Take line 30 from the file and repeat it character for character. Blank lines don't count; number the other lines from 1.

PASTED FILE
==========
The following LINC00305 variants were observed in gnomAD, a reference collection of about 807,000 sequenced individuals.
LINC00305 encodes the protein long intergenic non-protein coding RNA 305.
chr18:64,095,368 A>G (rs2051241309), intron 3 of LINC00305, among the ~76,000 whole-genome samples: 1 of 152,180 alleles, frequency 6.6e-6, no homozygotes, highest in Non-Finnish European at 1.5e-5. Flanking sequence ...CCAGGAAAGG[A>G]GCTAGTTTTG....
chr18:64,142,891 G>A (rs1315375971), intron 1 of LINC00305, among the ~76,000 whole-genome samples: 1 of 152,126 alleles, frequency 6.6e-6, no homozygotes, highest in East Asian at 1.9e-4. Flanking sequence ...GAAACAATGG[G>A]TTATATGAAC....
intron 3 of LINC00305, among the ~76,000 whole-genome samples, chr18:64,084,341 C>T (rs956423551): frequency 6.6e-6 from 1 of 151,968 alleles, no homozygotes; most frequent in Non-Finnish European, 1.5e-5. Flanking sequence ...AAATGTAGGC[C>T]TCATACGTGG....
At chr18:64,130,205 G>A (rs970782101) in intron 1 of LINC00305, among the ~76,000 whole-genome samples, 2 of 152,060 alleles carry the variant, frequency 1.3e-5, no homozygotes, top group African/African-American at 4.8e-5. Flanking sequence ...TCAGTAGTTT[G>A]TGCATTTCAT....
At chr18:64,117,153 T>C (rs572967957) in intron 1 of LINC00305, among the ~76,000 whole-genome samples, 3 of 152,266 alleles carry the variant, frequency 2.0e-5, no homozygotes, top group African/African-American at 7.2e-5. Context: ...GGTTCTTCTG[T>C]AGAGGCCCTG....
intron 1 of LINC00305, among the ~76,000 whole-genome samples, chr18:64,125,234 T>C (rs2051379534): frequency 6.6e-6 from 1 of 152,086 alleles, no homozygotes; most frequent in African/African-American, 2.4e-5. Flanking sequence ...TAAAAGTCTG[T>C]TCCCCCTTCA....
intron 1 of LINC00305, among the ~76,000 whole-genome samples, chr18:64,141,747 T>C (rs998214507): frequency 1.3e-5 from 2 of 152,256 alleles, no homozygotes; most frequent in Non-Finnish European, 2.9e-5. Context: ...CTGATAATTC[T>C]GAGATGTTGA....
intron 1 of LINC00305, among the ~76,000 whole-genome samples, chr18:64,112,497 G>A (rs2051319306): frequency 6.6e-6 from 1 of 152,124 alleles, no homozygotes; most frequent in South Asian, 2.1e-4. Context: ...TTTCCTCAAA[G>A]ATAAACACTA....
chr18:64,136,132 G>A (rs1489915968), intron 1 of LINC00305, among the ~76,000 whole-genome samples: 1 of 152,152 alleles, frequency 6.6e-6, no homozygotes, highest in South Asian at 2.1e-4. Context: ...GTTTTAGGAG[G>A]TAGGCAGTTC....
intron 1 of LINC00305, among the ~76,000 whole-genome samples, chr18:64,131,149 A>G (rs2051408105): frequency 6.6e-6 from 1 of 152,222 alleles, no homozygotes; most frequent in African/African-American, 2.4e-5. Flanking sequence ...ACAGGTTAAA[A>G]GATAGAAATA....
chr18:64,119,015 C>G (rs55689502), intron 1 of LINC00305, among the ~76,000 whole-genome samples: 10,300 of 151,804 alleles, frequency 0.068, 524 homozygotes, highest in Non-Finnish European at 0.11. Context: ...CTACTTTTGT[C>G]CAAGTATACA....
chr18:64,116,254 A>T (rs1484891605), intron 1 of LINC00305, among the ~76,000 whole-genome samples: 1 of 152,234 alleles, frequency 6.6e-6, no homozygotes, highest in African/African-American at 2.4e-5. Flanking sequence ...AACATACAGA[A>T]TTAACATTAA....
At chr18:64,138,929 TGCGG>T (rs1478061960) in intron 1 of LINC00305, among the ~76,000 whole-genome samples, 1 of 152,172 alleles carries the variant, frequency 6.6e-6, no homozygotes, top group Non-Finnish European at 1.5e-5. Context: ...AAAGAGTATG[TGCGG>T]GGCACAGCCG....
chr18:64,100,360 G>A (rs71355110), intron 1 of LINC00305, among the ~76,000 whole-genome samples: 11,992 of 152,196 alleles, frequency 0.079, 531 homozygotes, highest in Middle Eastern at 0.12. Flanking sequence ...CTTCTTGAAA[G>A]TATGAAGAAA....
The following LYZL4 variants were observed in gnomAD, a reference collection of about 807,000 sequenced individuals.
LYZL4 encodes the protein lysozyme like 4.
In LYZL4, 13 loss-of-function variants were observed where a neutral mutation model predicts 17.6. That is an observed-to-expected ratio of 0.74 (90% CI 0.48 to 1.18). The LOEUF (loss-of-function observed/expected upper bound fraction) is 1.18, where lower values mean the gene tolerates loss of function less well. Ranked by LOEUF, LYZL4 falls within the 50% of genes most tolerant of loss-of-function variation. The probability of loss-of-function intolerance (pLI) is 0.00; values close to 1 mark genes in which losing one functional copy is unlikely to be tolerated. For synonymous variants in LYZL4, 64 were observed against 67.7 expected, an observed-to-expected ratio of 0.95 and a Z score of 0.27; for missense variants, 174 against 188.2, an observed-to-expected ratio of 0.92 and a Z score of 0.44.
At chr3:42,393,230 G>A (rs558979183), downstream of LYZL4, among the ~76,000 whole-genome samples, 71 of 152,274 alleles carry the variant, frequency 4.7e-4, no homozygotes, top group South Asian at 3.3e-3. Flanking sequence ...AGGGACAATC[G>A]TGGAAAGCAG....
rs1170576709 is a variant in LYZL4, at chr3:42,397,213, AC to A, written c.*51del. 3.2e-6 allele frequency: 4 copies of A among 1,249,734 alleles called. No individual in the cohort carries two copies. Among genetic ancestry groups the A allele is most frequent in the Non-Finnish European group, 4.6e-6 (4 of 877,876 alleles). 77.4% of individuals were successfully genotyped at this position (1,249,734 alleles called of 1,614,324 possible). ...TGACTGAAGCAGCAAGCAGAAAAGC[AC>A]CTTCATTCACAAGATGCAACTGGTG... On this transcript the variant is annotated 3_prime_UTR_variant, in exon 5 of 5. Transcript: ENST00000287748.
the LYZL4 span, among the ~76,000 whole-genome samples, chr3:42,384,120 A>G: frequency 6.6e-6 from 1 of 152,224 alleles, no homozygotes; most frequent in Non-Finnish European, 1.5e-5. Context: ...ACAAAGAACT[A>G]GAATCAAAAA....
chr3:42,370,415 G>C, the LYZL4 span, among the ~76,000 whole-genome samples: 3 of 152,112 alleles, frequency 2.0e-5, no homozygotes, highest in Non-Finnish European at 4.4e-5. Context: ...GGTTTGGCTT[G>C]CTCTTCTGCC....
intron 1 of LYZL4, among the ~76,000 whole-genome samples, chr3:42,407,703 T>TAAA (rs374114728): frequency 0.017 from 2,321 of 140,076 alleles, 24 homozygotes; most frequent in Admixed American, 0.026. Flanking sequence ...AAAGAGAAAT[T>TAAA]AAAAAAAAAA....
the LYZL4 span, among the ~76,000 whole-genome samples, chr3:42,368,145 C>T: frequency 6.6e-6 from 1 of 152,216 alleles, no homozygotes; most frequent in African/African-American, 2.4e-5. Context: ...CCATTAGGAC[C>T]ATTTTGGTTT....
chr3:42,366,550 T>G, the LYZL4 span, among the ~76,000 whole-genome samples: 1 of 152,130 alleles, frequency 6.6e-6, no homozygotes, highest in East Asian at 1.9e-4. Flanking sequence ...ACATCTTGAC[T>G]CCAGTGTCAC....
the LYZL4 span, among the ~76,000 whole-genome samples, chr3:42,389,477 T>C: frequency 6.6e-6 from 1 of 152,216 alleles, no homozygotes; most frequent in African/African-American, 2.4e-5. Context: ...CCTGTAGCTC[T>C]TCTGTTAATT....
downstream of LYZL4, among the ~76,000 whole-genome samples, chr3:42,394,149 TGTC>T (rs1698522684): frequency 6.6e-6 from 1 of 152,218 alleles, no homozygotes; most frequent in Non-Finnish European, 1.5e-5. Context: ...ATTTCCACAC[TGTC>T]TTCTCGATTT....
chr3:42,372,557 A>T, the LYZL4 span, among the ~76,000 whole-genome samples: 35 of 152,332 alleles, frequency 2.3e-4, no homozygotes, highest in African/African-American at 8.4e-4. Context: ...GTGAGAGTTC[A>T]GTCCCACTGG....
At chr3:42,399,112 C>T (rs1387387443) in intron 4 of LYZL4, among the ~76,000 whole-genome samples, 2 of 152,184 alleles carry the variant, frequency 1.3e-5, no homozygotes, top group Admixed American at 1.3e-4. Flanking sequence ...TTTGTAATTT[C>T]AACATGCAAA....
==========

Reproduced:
At chr3:42,399,112 C>T (rs1387387443) in intron 4 of LYZL4, among the ~76,000 whole-genome samples, 2 of 152,184 alleles carry the variant, frequency 1.3e-5, no homozygotes, top group Admixed American at 1.3e-4. Flanking sequence ...TTTGTAATTT[C>T]AACATGCAAA....